How Advertising Revenue Dictates Google’s Device Innovation

Eric Pumphrey
Eric Pumphrey, Director of Paid Media, Reputation.com

The world of online advertising is rife with disruption, but one reality remains constant year after year: Google is the dominant player with 37% of the market, according to eMarketer.

Why? Because it maintains a singular focus on one goal: to dominate online advertising by following (and in some cases influencing) user trends, and creating products/services to drive more search traffic (and, as a result, more ad inventory) through the Google search engine. This focus has shaped the evolution of Google’s offerings, including the creation of devices and products.

From Software to Hardware: The Pixel

Online advertising fueled Google’s growth well before the company went public. Only two years after its founding, Google released its core advertising product, AdWords (now Google Ads). AdWords flourished by sorting search advertisements through a combination of bid price and searchers’ likeliness to click on the ads. As consumer behavior increasingly shifted offline to online, Google’s value and influence increased with it.

As the business grew, it focused on expanding into new digital platforms and helping businesses invest more. In 2006, Google famously bought YouTube, solidifying itself at the top of video ad platforms. One year later, it strengthened its hold on display advertising by purchasing DoubleClick. These have not always been stories of resounding success — Google’s foray into social media with Google+ will finally be put out of its misery in April — but for the most part, the company has a great track record.

The single biggest influence on Google’s ad revenue is actually thanks to Apple. Apple didn’t usher in a new search engine. It ushered in a different way to search. The arrival of the iPhone proved that search was an ever-evolving landscape. With new devices came new and powerful ways to engage with the Internet, and companies could lock in audiences with related software and services.

It’s impossible to overstate the iPhone’s impact on search advertising. Mobile search traffic now accounts for 60% of all searches. Beyond that, it offers a valuable opportunity to the companies selling ad space. By creating your own device, you have greater influence on the user experience, and can strengthen your product’s market share in mobile. So Google launched its own smartphone in 2010 — the Pixel — which practically guaranteed an audience for its advertising partners and reduced its vulnerability to the whims of other manufacturers such as Apple and Samsung.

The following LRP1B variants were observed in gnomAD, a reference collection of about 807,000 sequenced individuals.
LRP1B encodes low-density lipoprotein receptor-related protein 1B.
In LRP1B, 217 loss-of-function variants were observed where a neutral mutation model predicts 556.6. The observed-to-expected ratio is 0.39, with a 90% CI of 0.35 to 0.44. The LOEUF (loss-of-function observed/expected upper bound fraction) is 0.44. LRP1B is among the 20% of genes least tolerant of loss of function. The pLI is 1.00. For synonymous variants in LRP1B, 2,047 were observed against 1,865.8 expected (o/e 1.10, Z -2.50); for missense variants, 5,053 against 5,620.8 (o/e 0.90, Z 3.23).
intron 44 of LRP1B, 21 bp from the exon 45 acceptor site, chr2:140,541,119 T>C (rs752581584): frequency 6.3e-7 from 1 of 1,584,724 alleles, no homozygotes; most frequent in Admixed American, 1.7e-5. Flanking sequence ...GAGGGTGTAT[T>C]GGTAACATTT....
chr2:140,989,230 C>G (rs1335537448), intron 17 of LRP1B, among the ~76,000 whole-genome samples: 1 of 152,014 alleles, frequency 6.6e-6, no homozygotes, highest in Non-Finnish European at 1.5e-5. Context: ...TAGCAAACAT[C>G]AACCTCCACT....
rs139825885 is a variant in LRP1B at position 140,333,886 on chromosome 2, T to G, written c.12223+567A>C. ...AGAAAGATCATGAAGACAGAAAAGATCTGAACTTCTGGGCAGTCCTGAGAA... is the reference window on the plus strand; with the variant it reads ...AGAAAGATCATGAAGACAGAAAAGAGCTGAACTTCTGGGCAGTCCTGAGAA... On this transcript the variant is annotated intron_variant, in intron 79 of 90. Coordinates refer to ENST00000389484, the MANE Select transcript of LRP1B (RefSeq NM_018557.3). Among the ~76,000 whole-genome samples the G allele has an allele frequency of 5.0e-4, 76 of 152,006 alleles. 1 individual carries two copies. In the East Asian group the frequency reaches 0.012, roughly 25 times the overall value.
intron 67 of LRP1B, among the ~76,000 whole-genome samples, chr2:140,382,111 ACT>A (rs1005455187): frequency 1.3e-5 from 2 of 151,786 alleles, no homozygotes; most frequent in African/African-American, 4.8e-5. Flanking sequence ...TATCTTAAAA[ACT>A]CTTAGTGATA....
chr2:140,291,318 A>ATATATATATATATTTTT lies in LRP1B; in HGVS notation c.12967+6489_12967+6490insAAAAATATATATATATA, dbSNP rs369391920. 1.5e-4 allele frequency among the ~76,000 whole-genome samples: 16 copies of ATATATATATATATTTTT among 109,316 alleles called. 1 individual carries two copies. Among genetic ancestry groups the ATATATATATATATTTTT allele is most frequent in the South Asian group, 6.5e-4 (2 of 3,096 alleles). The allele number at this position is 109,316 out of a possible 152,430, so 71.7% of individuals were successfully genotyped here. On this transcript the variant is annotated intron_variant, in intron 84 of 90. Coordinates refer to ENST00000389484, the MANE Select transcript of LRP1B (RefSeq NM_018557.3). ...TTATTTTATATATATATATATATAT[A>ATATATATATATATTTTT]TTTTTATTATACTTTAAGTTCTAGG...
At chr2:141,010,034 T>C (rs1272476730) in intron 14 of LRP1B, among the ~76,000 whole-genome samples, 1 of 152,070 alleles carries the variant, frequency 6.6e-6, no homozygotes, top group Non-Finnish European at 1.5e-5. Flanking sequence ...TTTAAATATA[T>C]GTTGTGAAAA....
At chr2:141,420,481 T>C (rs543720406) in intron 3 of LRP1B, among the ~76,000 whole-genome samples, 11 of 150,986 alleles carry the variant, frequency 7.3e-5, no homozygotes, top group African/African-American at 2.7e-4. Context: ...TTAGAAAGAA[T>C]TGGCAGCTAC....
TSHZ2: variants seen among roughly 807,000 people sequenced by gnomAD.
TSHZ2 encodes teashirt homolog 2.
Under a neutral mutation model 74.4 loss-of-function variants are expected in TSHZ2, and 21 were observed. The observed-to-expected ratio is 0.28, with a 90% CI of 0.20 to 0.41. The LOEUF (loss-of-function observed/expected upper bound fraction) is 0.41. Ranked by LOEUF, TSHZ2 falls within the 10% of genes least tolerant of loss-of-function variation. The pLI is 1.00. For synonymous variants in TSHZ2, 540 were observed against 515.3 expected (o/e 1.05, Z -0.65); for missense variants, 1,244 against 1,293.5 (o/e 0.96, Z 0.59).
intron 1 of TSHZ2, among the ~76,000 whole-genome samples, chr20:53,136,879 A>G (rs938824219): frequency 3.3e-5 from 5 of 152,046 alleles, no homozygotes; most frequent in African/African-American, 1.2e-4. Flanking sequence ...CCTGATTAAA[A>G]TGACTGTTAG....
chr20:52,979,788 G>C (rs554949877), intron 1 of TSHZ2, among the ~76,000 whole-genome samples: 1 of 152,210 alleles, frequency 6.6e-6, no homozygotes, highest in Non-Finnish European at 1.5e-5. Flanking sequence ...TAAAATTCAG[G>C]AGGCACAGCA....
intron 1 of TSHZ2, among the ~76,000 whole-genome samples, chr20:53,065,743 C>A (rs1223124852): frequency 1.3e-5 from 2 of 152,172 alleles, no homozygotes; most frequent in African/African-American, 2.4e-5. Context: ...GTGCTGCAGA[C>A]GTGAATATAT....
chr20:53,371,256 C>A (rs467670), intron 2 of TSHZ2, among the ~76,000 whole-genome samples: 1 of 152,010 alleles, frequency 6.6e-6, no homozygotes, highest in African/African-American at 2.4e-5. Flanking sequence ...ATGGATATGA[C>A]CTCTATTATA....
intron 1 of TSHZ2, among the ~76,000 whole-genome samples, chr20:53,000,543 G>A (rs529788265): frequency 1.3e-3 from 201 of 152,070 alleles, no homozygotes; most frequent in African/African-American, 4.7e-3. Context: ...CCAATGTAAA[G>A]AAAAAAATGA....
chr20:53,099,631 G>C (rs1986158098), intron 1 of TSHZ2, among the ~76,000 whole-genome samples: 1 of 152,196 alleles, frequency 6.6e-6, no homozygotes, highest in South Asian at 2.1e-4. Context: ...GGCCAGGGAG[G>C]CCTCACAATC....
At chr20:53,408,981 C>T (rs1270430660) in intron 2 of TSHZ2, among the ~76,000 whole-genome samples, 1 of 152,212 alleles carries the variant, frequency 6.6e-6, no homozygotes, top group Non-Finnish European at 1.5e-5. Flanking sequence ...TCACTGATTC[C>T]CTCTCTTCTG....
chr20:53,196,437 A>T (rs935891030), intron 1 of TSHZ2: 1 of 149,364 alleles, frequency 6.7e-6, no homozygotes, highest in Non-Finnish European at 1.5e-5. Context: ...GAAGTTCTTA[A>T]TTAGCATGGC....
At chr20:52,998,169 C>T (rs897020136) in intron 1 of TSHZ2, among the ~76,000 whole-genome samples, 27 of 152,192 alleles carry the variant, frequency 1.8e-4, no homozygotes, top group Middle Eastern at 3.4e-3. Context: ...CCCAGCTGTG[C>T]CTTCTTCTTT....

From Voice Search to Voice Products: Google Home

No sooner had Google secured a hardware platform for text-based search when the market for voice exploded. In 2014, Amazon practically sparked the voice-first revolution with the launch of the Echo line of smart speakers. Amazon had the muscle and reach to nudge consumers into using their voices to search, find places to go and purchase products and services online. Google CEO Larry Page saw the writing on the wall, and by November 2016, Google had launched its own line of smart speakers — Google Home — to support the growing voice-based search market.

Brands are still figuring how to better monetize voice search, but with more than one billion voice searches being conducted monthly and nearly 39 million Americans owning smart speakers, neither company can afford to be left behind in this new search frontier.

Creating an Augmented/Virtual Reality Platform

In addition to phone and voice, Google clearly wants to lead the charge into augmented reality and virtual reality. Remember Google Cardboard? Way back in 2014, the company released the prototype VR viewer as part of a strategy to make VR more accessible. Sure, Cardboard was crude-looking — compared to fancy headsets such as Oculus Rift and Google’s own Daydream, but Google made its point: Basic forms of VR can be democratized, and you don’t need to spend hundreds of dollars to enjoy VR content.